Jim Williams has been watching birds and writing about their antics since before "Gilligan's Island" went into reruns. Join him for his unique insights, his everyday adventures and an open conversation about the birds in your back yard and beyond.
The seed you feed birds does has a shelf life. It will go stale. A reader asked that question recently. For an answer I called Melissa Block, manager of the All-Seasons Wild Bird Store in Wayzata. She told me that seeds do lose nutritional value as they age. Sunflower kernels, the nuts inside the shell, dry out, losing nutrients. Thistle seed has the same problem. She tells her customers to buy no more seed than they can use in six to eight weeks. She also said that the birds will know if your seed is worth eating or not. It they're not attending your feeders with the same frequency and in the same numbers this week as last, replace the seed. Clean the feeder, and fill it with seed just purchased. She said that where you buy seed and how it's packaged is an issue. Buy from stores where stock frequently revolves. I've always believed that the plastic bags of seed you see on super-market shelves are not good buys. The seed mixes often contain filler seeds that most of our feeder birds will not eat. And now, consider how long those bags might have been on that shelf.
Feeder birds, like this Black-capped Chickadee with the sunflower seed in its bill, know good, fresh seed from stale seed.
During this cold spell be certain to keep your birds feeders full. Birds need all the energy they can get to survive near-zero temps, particularly with strong winds. Black oil sunflower seeds are highly nutritious. Suet is good, too. Birds also need water in cold weather.
This cat came out of the swamp behind our house Monday morning, spending much of the day below our yard-based bird-feeding rig. I chased it back into the brush twice, but the cat came back. I think it's a feral animal. I've not see it around here before. It's gone feral or its owner lets it outside, a bad idea. Cats kill birds and other small animals. They also get eaten by coyotes and hit by cars. It's best for everyone if cats stay indoors. For a very graphic depiction of the damage cats do, take a look at what I found to be an entertaining and novel way of making the point. The address is http://theoatmeal.com/comics/cats_actually_kill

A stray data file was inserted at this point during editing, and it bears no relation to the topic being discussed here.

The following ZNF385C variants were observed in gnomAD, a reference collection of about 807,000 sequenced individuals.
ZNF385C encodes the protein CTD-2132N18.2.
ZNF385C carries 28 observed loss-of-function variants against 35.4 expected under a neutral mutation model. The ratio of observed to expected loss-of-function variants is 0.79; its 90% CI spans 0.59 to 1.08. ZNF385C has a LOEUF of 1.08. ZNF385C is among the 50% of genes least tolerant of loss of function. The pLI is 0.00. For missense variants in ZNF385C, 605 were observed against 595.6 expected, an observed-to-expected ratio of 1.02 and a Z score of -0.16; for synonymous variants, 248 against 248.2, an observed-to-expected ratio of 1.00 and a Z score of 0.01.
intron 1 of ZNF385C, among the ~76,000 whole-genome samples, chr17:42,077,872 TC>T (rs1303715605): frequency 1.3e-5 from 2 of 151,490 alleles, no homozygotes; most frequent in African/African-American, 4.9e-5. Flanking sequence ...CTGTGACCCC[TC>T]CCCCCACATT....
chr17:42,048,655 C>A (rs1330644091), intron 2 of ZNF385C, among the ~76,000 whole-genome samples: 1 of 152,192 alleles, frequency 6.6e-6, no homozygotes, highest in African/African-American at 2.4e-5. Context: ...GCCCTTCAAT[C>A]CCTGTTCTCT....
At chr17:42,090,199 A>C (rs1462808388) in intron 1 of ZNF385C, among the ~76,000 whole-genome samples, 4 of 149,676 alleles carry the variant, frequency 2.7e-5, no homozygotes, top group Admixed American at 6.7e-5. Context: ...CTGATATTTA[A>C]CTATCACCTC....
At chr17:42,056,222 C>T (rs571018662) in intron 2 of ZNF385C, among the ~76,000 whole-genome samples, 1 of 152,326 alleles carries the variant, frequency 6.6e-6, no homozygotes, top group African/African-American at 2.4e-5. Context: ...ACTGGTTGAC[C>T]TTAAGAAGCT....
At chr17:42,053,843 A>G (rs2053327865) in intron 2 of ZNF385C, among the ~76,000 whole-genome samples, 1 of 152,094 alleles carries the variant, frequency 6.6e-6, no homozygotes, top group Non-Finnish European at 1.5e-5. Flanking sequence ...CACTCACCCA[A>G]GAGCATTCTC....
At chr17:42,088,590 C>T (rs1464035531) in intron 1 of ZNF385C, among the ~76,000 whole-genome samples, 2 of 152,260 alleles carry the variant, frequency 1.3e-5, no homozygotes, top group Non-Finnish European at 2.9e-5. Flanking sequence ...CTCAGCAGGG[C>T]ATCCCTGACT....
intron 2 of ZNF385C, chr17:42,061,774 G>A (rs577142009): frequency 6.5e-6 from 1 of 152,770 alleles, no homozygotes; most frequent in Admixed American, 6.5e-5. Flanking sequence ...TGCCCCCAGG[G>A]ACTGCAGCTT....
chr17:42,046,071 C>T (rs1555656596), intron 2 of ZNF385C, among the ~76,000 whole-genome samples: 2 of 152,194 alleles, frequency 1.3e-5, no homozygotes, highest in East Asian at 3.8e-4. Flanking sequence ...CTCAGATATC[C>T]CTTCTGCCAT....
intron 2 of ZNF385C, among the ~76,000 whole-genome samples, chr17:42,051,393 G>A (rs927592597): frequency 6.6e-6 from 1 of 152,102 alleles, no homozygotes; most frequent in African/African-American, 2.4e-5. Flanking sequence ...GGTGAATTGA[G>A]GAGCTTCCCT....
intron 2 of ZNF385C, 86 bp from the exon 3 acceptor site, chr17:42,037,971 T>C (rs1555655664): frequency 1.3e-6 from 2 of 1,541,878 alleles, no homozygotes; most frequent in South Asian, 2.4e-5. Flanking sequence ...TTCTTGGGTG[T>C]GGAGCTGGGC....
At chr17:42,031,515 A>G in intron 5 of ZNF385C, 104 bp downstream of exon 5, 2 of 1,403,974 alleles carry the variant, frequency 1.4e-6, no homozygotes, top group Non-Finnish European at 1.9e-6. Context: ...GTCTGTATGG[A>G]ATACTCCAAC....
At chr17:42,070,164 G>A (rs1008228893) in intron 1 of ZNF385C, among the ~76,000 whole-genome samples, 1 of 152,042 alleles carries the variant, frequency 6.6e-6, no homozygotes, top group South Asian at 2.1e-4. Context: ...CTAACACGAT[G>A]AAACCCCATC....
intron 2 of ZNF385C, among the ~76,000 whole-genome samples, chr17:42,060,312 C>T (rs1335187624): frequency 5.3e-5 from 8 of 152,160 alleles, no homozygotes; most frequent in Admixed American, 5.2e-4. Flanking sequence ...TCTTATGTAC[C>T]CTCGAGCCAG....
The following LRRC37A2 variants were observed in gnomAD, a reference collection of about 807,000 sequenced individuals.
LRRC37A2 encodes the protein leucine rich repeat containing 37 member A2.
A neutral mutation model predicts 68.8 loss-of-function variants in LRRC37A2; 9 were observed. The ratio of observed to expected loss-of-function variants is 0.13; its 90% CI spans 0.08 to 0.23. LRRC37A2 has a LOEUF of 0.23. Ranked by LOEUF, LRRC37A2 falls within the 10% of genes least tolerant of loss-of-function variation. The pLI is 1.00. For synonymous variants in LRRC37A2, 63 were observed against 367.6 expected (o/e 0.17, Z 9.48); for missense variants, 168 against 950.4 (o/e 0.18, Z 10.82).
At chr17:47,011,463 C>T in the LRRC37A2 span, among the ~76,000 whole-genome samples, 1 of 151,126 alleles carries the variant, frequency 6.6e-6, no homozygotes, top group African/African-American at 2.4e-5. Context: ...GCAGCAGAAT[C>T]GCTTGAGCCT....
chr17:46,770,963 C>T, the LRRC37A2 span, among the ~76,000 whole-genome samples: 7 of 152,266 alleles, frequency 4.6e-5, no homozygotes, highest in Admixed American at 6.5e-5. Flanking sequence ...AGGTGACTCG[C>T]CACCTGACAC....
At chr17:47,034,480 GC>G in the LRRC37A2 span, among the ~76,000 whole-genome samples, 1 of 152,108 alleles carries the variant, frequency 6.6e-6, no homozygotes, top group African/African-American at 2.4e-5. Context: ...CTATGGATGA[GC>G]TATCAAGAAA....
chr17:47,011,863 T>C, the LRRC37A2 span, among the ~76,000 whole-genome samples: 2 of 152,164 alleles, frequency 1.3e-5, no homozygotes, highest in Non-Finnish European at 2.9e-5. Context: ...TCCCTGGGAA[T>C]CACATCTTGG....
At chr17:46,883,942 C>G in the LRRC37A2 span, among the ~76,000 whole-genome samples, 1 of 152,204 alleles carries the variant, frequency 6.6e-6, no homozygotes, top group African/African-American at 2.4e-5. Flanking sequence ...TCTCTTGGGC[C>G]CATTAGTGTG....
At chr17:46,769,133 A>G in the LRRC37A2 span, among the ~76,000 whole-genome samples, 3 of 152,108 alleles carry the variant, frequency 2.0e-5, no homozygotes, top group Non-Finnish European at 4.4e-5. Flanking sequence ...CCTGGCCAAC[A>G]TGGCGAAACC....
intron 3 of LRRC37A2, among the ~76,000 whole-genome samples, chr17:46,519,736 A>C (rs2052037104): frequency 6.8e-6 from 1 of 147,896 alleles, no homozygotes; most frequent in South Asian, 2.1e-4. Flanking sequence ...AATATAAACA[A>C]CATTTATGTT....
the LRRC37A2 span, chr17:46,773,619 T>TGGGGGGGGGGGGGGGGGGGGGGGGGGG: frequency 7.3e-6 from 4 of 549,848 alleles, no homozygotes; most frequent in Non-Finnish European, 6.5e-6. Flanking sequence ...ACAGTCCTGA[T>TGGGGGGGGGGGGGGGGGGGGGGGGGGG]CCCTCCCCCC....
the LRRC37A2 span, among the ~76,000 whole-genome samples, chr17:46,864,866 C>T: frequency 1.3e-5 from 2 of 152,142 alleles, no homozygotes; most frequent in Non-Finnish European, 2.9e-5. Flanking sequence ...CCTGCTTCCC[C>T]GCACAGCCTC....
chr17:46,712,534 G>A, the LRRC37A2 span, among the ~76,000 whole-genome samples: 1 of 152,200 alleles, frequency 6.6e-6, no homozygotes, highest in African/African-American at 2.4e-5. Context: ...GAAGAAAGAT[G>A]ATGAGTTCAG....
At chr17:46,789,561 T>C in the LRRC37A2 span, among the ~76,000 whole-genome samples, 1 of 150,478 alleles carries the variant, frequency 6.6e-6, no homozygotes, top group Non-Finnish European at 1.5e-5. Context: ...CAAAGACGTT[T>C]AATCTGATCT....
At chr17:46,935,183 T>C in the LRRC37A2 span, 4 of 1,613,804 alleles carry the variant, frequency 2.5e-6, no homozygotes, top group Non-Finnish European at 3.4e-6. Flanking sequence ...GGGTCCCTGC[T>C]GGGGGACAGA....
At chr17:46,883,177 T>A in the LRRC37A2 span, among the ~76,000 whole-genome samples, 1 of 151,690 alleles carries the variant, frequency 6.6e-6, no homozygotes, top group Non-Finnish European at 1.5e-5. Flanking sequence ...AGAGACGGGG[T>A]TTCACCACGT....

While in California over the holidays we came upon a woman who feeds 47 feral cats. I was polite, though doubtful when she said she fed her wards so well that they did not hunt. She told us the cats wander in to join the herd. She takes each newcomer, she said, to the vet for vacinations and neutering. That's a necessity if one is to feed feral cats, but hardly a solution for the killing they instinctively do, full tummies or not. All cats belong indoors. Having 47 indoors, however, is likely to get you in the newspaper sooner or later.
Here's the animal that has been pestering us.
Common Redpolls, one of the northern finch species making major appearance in Minnesota this winter, are being seen throughout the metro area. They've been seen north of us since late fall, but not this far south in the numbers people have been reporting in the past two or three days. They arrived in our yard Monday, and continued to flock to our feeders Tuesday. We probably had two dozen redpolls on and off from dawn to late afternoon. They were eating black oil sunflower seeds, sunflower chips, and niger thistle seed. Keep an eye on your feeders. Redpolls are cool little birds, emphasis on little. They're a bit smaller than American Goldfinches. The redpoll below was perched on our deck railing, waiting its turn at our new feeder.
We've setup a new feeder on our deck, a three-tube squirrel-proof (so they say) rig we bought at Ace Hardware in Maple Plain. Once the animal is in eating position, the squirrel's weight slides feeder ports closed. Stout wire mesh hopefully will prevent gnawing damage. We've not had a squirrel-proof feeder before because, frankly, I didn't want to pay as much as they cost. This one, however, was $19.95, a price that would be very good without the squirrel feature. In fact, it was a ridiculously low price. We bought two, one as a gift. We bought 50 pounds of black oil seed while we were there, also for $19.95, the lowest price we've paid in years. So, we bought two of those as well, one as a gift.
Yesterday, cardinals appeared at our feeders at the exact time the sun set, making me wonder just how precise these birds can be, favoring twilight for afternoon feeding and hitting it perfect. Today the sun set at 4:32 p.m. The first cardinals arrived at 4:09. Precision isn't everything.
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